Duplication Centre

CD, DVD, Blu-ray duplication

01702 530 354

24 Hour Turnaround

Posts Tagged ‘printing’

Incredible Artwork Design: 31st October 2019

Thursday, October 31st, 2019

Highlighting some amazing customer design.

This single card wallet and cd onbody printing are so seamless its hard to see where each start and finish.

pastal colour design of cd art slipping in to a crd wallet with the exact same design rain droplet on a leaf

 

Go to our free online artwork creation tool and the templates that are easy to download to help you with you with your design.

https://www.duplicationcentre.co.uk/artwork.html

Jargon Buster Part 2 – Artwork Files: 16th July 2019

Tuesday, July 16th, 2019

This article is the second in our series to help you understand some of the terminology used in the duplication process

Artwork Files:

Beware, we are now moving into the area of artwork and the word image no linger relates to a disc image! When talking about artwork, and image is simply a picture, a graphic or photograph

 

PDF

PDF stands for “portable document format.” Adobe Systems designed this format, which has become the standard for exchanging electronic documents. Its a very complex and powerful format used extensively in artwork design and printing, perfect for supplying your artwork supporting the other artwork formats below, as well as special print formats, colours and vector graphics.

 

JPEG,  TIFF, and PNG

These image formats are ideal for photos and similar images containing many colours offering good quality and acceptable sizes are possible. The quality / file size of a jpeg can be altered through the use of compression.

The three formats all vary slightly in the way they apply compression to the images, each with its own advantages. For printing its best to keep the compression at a minimum so the files are larger and better quality.

 

PSD

This format is only used by the graphics programs Photoshop. The files are generally large and contain lots of additional information and layers which are not needed for print. The complexity of the files make them perfect for editing and designing, BUT not ideal for printing. You should save your artwork to PDF or JPEG when ready to submit for printing.

To learn more about artwork formats this article is a good place to start, offering beginner guides to the various types: Further information on artwork formats.

 

 

Which disc label printing method is right for you?

Monday, August 5th, 2013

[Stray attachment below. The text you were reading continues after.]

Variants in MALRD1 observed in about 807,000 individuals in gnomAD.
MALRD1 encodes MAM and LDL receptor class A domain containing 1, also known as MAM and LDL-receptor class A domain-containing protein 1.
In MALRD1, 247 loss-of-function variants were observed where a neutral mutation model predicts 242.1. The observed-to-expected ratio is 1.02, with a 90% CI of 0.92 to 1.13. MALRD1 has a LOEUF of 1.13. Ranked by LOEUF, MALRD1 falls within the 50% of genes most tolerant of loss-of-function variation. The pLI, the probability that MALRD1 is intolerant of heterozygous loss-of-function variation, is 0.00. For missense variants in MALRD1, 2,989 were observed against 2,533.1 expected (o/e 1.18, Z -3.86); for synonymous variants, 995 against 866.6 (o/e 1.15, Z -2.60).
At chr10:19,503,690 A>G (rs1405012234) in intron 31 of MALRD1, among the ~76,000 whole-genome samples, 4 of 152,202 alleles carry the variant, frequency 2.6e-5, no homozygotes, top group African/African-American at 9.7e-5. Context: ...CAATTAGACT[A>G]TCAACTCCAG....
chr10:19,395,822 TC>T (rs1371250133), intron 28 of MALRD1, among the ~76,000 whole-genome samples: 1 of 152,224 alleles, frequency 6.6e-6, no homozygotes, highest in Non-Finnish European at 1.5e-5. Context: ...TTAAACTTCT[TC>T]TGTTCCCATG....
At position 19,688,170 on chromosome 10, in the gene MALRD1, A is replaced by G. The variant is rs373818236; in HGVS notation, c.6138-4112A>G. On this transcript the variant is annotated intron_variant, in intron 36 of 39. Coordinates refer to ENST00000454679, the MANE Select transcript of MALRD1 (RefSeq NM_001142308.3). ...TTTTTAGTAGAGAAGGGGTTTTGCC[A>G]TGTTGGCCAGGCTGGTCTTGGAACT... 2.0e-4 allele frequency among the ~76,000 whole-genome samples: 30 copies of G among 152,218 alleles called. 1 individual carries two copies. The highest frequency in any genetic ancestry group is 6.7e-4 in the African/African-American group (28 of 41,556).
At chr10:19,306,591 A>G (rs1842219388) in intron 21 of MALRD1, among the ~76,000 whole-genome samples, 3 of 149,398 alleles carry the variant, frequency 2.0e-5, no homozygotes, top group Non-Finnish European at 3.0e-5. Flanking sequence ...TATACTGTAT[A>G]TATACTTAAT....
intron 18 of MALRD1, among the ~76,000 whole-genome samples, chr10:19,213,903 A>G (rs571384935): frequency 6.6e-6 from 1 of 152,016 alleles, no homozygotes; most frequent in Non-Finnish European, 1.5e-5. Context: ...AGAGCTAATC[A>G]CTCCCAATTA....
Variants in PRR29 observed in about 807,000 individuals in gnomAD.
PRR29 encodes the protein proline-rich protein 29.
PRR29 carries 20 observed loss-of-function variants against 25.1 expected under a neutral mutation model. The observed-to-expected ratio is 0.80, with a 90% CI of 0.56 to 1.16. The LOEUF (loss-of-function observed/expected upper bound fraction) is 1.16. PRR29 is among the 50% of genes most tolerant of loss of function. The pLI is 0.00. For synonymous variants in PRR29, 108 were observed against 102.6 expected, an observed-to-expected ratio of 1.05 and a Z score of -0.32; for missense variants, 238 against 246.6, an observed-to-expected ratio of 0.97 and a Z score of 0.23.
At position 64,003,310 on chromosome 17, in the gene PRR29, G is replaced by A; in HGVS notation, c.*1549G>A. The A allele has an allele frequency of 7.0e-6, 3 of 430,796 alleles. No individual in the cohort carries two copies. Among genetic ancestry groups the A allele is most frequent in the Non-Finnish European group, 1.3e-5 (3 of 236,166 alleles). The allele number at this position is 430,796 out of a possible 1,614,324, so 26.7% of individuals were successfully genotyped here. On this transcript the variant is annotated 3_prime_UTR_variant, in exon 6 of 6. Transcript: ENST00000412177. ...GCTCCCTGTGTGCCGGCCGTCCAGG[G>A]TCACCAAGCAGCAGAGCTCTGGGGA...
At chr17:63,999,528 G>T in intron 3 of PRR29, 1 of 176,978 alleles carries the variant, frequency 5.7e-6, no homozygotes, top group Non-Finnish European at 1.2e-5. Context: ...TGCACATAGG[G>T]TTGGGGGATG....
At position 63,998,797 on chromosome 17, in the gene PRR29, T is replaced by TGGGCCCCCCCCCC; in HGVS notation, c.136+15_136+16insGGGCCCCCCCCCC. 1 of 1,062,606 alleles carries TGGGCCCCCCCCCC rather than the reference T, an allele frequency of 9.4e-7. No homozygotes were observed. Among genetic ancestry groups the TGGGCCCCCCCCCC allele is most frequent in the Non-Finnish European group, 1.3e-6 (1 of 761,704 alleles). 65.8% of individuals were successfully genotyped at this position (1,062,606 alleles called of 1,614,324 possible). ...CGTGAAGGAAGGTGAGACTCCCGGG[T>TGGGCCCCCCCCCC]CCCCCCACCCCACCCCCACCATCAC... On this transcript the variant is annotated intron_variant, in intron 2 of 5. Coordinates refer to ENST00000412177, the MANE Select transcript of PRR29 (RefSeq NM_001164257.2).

You should always have labels on your CDs.

Why?

For professionalism and so people know which way the disc should be facing when putting it in a CD player.

However, there are four methods for printing labels on your CDs. Which one is best for you?

Let’s review the four options and decide:


Lithographic (offset) printing

Lithographic printing is where your artwork is placed on a processing plate using a chemical treatment. The plate is then ‘offset’, or imposed onto a rubber blanket cylinder. This is then pressed onto the surface of the CD to create the print.

  • Pros: It looks great, provides high-quality photographic printing and sharp text.
  • Cons: It is only possible when replicating discs, not while duplicating.

Overall, this process is great if you need more than 1000 discs, however it typically isn’t the cheapest option.

Thermal transfer printing

Thermal transfer printing is when each colour is set onto a transfer ribbon and then applied beneath a heated print head. This creates a seal, making the disc waterproof and smudge free.

  • Pros: Taken directly from the computer, fast, cost-effective in small runs and it looks great.
  • Cons: You can’t print right up to the edge of the disc and you may need a white base to print other colours on it.

Silkscreen printing

This process passes ink through a monofilament screen, where each colour is applied separately.

  • Pros: It is the cheapest option for large batches and great for simple designs with minimal colours.
  • Cons: Grainy effects often occur around the colour gradients and text. Also, the more colours you use, the lower quality it will look.

Inkjet printing

Inkjet printing entails printing directly onto a specially prepared disc. After that, the disc is covered with a UV-resistant lacquer to prevent fading and scratches.

  • Pros: Very high-quality finish.
  • Cons: Pricier for large batches (since the price is fixed).

Overall, each one of these four CD label printing techniques is a viable option, but hopefully with the guidance above you can narrow down which printing option works best for your project. We understand that price and quality are usually the determining factors for printing on CDs so we tried to focus primarily on that.

Duplication Centre Resource Centre is proudly powered by WordPress | Entries (RSS) | Comments (RSS) | 23 queries. 0.039 seconds.